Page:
7. The final conference session, held at the end of May, addressed Planning and Goal Setting. This was conducted by OSU and WOSC personnel. Topics covered included Planning and Goal Setting, presented by Dr. Mike Woods, and Conducting Effective Meetings, Effective Time Management, and Group Decision Making Skills, presented by Ms. Lisa Greenlee. Both of these sessions were very needed, practical, and useful to the group. We then were put to the test on what we had learned in this session as the group, led by Gary Strickland and Lisa Greenlee, identified there top five County Projects they wanted to work on. This was a highly interactive time and enjoyed by all. The discussion and voting process was fun both to watch and participate in. The top three choices in Jackson County were as follows. I) Development of a County Economic Development Coordinator Position 2) (Actually Tied with 1) Improvement of the Jackson County Expo Center 3) Improvement of the Jackson County Water Co. which currently has a 27% annual water loss. Some of the other projects mentioned included developing community family playgrounds for those that do not have one and the development of a county-wide festival system to increase tourism. This meeting was also when we initiated selection of members from each community to sit on the County-wide Economic Development Team.

With the exception of our opening retreat and the Grant Writing Conference all sessions were conducted in the evening in two and one half hour time periods. They were held at either WOSC or SWTC conference rooms. Participants were .fed nice meals at each event. This was considered important to help those attended since they were giving of their time to be with us and were entering a volunteer status within both their communities and the county to help in this endeavor. From notes on the final evaluations the IFRO project in Jackson County was met with very positive reviews.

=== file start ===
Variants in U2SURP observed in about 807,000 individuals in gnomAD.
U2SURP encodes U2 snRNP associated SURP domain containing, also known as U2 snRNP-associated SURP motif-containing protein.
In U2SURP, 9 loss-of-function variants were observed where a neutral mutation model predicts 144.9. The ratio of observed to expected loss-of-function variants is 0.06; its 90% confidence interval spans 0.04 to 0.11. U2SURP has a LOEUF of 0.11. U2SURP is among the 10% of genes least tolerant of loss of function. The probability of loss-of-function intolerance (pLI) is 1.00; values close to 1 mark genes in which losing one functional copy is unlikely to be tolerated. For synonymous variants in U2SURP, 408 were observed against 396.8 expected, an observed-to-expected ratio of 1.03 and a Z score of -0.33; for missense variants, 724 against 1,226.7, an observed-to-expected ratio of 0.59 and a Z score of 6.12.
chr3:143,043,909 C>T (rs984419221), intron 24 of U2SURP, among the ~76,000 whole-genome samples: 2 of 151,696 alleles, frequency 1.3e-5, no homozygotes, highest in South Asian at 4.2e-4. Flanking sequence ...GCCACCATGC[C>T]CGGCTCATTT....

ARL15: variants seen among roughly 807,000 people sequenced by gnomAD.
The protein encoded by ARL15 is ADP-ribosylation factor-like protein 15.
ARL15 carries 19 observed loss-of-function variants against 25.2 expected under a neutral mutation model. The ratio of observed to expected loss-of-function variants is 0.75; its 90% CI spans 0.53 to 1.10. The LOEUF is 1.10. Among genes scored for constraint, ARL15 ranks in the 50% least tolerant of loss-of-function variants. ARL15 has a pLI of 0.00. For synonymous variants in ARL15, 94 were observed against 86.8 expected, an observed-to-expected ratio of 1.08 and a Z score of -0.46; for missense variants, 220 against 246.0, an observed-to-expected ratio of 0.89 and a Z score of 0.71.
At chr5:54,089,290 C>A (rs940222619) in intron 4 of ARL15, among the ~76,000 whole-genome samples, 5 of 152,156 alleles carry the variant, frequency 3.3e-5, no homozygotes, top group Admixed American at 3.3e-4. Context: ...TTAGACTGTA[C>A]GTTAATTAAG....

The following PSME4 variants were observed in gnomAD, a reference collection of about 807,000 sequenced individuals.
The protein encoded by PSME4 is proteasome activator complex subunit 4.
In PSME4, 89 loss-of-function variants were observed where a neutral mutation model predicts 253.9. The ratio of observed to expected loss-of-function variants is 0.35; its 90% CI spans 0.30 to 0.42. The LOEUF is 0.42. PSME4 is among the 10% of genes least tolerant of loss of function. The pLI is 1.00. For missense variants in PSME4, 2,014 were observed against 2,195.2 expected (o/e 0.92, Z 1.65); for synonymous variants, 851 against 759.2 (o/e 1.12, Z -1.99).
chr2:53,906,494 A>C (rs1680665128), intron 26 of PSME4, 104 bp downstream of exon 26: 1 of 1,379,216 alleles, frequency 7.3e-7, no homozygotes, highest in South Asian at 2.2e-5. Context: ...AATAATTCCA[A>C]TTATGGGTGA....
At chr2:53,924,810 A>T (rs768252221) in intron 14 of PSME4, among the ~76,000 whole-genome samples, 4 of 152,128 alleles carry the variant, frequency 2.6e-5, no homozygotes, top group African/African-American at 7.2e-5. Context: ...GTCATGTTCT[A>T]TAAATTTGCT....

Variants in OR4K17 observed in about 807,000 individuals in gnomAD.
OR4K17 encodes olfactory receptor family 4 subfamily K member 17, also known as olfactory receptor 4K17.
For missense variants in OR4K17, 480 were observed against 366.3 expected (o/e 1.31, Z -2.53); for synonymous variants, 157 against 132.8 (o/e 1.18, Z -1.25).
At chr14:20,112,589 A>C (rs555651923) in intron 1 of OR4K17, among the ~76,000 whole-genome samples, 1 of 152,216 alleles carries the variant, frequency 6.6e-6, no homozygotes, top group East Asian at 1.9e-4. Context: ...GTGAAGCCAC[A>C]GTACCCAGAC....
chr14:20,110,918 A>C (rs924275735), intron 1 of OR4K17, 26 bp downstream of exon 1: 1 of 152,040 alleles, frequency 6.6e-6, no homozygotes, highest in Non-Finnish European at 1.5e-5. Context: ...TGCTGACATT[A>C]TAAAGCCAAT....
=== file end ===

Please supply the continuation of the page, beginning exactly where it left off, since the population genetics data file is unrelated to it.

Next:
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What's Next?

We have began meeting as a County-Wide Economic Development Team. We are currently working through the relational aspects of working with county government and when we receive grant money how that will be handled. We (OSU, SWTC, and WOSC) are currently planning educational times for each year on the topics of Economic and Community Development to further train community individuals who can step in and replace those that may need to step out of team responsibilities after a 1 year minimum commitment. Therefore we are looking to the future for long term commitment to this project. Again,forme as the Educator, this is one of the more important goals that we have achieved and are in the process of achieving.